Freedom Dance by Dallas L. Barnes (Here's Life, P.O. Box 1526, San Bernardino 92402: $10.95)
Leonid and Valentina Koslov, once minor stars in the Bolshoi, dance in America now. This easy-reading book by Dallas L. Barnes, a former Los Angeles police detective turned novelist, offers a light and fanciful version of how an Eagle Rock vegetable monger and his Russian-speaking wife teamed up with a pair of off-duty Wilshire Division detectives to help the dancers defect one Sunday night in September, 1979.
The Koslovs' dance to freedom began with an unexpected pas de deux in the dressing rooms of the downtown Broadway department store. The ballerina's Russian attracted the curiosity of the impoverished Eagle Rock woman, whom Barnes calls Sasha Rollins. An unidentified friend of the Koslovs--to whom the book is dedicated along with words of hope for the well-being of this brave man--later hunted the Eagle Rock couple down through the telephone directory to seek their aid.
How do ordinary folks help a pair of Bolshoi dancers defect? Therein lies Barnes' tale, part Christian brotherly love, part American make-do and part Keystone Kops.
As Barnes tells it, the Koslovs finished "Swan Lake" at the Shrine Auditorium and in costume (Leonid as Prince Siegfried) ran off the stage into an alley and leaped into a waiting van, a gaggle of KGB agents in rented cars giving pursuit. (In fact, the ballet was "Romeo and Juliet," and Leonid's character, Tybalt, died at least an hour before final curtain.)
The defection didn't happen that dramatically. Therein lies a major problem not only with "Freedom Dance" but a growing number of books published under the dubious rubric of "true life" novels. Barnes opens with a note that "some characters and incidents in this novel are true, while others have been changed to protect privacy . . . and lives. Some characters and incidents are entirely the product of the author's imagination. . . ." This quickly becomes obvious because Barnes presents the unspoken, and very un-Russian, thoughts of a KGB major.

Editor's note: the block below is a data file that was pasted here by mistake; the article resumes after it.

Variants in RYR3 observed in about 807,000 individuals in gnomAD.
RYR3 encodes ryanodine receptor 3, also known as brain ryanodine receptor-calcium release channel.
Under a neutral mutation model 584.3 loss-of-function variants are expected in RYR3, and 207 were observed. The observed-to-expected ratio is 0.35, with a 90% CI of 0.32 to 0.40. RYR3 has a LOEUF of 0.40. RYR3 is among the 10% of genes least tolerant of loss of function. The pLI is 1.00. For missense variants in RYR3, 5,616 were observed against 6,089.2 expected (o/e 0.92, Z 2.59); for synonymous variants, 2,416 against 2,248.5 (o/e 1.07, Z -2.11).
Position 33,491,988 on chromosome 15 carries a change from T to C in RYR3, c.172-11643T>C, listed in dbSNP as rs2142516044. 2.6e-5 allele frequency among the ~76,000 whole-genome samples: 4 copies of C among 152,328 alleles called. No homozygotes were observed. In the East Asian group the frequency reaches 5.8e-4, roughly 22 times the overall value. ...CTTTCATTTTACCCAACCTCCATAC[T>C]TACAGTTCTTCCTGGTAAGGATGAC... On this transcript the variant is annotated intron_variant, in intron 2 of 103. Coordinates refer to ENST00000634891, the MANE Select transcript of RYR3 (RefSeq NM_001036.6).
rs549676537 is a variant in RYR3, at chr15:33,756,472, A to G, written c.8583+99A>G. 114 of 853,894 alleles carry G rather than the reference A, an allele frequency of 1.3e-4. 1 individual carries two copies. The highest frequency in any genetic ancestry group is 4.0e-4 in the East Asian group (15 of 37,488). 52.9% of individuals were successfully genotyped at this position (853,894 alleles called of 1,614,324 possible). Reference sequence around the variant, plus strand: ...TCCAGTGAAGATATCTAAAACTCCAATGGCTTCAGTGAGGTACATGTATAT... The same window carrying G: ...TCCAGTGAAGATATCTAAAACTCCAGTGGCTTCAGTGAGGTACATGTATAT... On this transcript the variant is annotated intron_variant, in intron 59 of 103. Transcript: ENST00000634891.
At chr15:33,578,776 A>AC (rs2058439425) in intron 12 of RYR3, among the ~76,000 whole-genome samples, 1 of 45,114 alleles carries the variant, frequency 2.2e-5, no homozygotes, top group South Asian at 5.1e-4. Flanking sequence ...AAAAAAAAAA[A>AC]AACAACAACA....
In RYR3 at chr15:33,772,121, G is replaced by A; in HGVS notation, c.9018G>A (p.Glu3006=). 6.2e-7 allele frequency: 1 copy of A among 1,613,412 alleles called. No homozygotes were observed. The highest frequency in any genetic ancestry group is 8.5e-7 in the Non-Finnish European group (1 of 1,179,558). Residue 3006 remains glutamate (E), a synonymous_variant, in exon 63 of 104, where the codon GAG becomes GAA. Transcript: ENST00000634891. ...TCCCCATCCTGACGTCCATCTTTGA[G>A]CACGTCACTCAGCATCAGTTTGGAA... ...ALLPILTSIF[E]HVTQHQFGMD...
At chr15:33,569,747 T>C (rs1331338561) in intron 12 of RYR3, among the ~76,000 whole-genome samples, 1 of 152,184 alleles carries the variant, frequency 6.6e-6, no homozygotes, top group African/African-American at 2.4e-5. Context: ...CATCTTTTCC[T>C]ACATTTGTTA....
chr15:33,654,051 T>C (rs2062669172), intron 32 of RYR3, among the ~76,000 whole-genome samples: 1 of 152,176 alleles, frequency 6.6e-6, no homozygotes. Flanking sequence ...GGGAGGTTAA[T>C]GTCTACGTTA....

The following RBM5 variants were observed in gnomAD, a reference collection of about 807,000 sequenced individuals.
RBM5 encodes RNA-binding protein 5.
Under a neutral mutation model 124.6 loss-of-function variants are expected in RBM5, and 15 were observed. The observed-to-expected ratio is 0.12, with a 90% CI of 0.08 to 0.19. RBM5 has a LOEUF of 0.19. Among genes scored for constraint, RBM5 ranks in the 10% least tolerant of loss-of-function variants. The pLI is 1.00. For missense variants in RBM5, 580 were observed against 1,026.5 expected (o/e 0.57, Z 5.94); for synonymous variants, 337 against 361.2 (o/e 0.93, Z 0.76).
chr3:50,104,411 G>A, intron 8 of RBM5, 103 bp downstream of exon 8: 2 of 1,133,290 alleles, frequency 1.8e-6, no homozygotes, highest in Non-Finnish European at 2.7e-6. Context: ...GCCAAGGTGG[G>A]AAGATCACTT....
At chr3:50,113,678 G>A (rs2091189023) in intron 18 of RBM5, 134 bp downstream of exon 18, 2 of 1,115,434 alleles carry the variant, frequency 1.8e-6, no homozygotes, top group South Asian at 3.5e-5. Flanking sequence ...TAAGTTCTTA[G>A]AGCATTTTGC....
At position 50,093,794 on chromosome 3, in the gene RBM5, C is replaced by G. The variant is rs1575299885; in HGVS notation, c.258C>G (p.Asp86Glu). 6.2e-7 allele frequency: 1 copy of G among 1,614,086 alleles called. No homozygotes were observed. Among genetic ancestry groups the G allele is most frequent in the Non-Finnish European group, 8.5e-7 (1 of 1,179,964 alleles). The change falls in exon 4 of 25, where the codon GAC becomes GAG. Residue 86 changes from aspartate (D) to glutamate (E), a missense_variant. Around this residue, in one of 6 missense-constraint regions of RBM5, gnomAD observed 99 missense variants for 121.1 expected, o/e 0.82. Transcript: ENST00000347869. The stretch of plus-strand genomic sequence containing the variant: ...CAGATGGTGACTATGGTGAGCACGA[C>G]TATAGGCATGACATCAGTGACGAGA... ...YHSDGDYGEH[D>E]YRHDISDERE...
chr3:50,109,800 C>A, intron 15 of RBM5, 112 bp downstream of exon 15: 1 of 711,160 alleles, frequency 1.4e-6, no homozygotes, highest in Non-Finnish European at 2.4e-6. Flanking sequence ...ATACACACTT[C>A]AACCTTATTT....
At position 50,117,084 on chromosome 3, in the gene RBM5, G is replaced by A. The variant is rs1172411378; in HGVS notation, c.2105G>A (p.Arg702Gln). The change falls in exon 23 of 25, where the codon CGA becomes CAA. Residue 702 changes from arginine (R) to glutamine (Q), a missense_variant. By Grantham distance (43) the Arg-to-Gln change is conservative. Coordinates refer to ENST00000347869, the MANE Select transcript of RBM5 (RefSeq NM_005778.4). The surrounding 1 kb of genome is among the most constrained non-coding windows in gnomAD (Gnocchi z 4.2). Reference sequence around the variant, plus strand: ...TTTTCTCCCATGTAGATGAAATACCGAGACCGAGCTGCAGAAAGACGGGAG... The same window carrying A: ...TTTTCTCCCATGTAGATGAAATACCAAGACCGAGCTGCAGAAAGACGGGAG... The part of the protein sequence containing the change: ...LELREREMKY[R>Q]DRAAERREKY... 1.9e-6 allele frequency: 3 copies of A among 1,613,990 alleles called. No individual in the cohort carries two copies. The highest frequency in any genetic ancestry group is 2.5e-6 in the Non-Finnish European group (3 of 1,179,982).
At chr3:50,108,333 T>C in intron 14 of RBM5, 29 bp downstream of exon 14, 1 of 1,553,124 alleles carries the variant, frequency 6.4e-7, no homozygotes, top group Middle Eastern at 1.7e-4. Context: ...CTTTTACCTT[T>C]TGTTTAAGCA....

At the close of "Freedom Dance," Barnes writes that "the story you have just read is true." As I was reading this book, one of my seven children interrupted, trying to pass off a tale that seemed plausible enough until one detail aroused my suspicion. Once part of the story isn't true, how believable is any of it?
All We Really Know
All we know for sure here is that the Koslovs did defect and that an Eagle Rock couple and two Los Angeles cops helped them. But what of the rest? For example, it stretches credulity to believe the detectives risked their careers by helping the two Russians defect, given Police Chief Daryl F. Gates' public statements criticizing, even attacking, the Soviet government.
This is a simple book, neither deep nor subtle; a bit like a novelization of an episode of a network-TV cop show, of which Barnes has written many. Like those of most TV cop shows, the plot is riddled with holes.
The book is didactically Christian, increasingly so as the author heads toward the climax. He portrays the FBI as flawlessly skilled in electronically following the KGB guards assigned the dancers. But, when the dancers flee, Barnes makes no mention of the G-men who, by his own account, were all about.
Barnes creates a fantasy worthy of Robert Welch with so many KGB moles abounding in the United States that telephone toll records and vehicle registration data are just a moment away from the Soviet state security forces. But among the gaping plot holes is Barnes' failure to explain how, if the FBI has such super-duper electronic surveillance data, the KGB colonel with the ballet company could make telephone calls for such information without exposing these moles.
Still, a pleasant read.